Westerville police soon will have help patrolling and responding to calls on the Otterbein University campus.

Westerville police soon will have help patrolling and responding to calls on the Otterbein University campus.

The university is working with Westerville to help start a campus police force, which is expected to launch early next year. At its Oct. 19 meeting, Westerville City Council approved a mutual aid agreement between Otterbein and the city, allowing the two to receive assistance from each other on calls and allowing Otterbein police to enforce Westerville laws on campus.

City council also approved an agreement for 2011 that would charge the university $1,200 a month for running Otterbein police communications, including 911 calls, dispatching and reports through Westerville's communications department.

Otterbein also would be charged a one-time fee of up to $5,000 to purchase police radios, to set up the radio system and train Otterbein police in the communications and reporting systems.

Acting Westerville Police Chief Del Robeson said Otterbein's police force won't dramatically affect Westerville police but will provide additional officers and alleviate some of the patrolling done by Westerville officers on campus.

"It's going to assist my officers that we're going to have two or three more officers on the streets now. They're going to be primarily responsible for the Otterbein campus," Robeson said. "I don't see any drawbacks or negatives to that."

Robeson said there will be 12 officers on staff, with shifts of two or three patrolling 24 hours a day.

While Otterbein police will handle most calls on campus, Robeson said Westerville will aid with calls requiring more officers and would be responsible for the investigation of any major crimes.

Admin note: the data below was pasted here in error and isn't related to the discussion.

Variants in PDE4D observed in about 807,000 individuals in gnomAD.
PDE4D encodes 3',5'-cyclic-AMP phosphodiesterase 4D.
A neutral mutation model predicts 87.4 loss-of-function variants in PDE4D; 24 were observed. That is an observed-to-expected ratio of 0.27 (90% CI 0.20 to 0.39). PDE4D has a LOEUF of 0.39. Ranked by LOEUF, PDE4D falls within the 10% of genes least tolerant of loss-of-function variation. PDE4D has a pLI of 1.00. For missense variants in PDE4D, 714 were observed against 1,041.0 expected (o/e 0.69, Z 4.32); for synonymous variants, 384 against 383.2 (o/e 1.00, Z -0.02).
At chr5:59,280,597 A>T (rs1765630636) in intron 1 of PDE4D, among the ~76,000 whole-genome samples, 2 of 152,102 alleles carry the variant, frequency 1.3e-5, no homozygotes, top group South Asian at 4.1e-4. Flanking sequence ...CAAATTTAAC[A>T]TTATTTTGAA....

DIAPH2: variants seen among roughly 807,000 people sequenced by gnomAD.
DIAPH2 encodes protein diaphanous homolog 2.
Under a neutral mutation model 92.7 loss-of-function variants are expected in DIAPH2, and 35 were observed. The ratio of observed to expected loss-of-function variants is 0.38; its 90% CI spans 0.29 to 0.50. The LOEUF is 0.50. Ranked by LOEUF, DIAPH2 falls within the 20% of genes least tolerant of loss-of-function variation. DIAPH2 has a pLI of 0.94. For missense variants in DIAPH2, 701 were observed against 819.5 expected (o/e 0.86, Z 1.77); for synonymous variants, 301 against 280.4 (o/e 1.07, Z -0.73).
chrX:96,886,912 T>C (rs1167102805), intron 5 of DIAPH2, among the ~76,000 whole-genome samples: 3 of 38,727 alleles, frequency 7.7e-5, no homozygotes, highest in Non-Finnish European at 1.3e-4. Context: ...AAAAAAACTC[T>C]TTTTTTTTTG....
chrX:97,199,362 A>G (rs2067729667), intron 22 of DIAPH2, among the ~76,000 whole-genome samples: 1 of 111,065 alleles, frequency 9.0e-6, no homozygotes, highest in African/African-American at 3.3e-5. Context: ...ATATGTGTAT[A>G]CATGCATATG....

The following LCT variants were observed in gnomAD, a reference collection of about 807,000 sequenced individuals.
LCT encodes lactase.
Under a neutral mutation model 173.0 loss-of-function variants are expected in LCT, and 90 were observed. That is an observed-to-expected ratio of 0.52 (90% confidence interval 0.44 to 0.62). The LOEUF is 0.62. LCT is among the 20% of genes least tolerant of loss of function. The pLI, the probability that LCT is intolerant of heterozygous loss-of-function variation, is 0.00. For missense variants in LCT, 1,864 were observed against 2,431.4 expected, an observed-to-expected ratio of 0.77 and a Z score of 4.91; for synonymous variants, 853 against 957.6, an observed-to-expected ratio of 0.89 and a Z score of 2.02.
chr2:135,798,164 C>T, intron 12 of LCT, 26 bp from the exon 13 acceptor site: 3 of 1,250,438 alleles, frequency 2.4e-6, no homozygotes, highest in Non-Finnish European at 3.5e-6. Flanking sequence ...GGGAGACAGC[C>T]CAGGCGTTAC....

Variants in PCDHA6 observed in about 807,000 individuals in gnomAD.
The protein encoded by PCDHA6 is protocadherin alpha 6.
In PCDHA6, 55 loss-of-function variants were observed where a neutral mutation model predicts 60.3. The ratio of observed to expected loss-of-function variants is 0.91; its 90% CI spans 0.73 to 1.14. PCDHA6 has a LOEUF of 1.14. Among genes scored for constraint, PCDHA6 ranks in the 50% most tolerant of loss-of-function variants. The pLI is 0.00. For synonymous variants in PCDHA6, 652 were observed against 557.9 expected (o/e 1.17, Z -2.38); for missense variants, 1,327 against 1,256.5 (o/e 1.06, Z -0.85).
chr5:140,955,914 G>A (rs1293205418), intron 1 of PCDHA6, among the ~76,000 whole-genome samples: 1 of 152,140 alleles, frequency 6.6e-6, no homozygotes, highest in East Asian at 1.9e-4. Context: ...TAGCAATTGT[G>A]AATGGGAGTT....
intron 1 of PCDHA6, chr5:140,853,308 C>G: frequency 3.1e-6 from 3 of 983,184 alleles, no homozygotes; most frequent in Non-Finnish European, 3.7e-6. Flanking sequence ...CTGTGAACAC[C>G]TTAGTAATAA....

"They're only going to have one to two officers out at a time. If there are instances where they need more help or if they're out on a call and another call comes in, we would continue to respond to that," Robeson said. "Otterbein realizes they won't have the expertise we do in the case of investigative assistance."

Robeson said the Otterbein police force will operate on the same radio frequency Westerville officers do to help with the coordination of officers and response to calls.

In addition, he said, Westerville will offer training to Otterbein police so the two departments use similar techniques in emergency situations.

"We have also offered to integrate their officers into our in-house training," he said. "Our intent is that everyone is on the same page so if there is an incident, then everyone will know what everyone else is going to do."

Robeson said Westerville police have been working with Otterbein for about two years on establishing the campus's police force, and he said he expects it will be a positive thing for both the city and the university.

"It's something that's I've supported from day one," he said. "We see it as a win-win."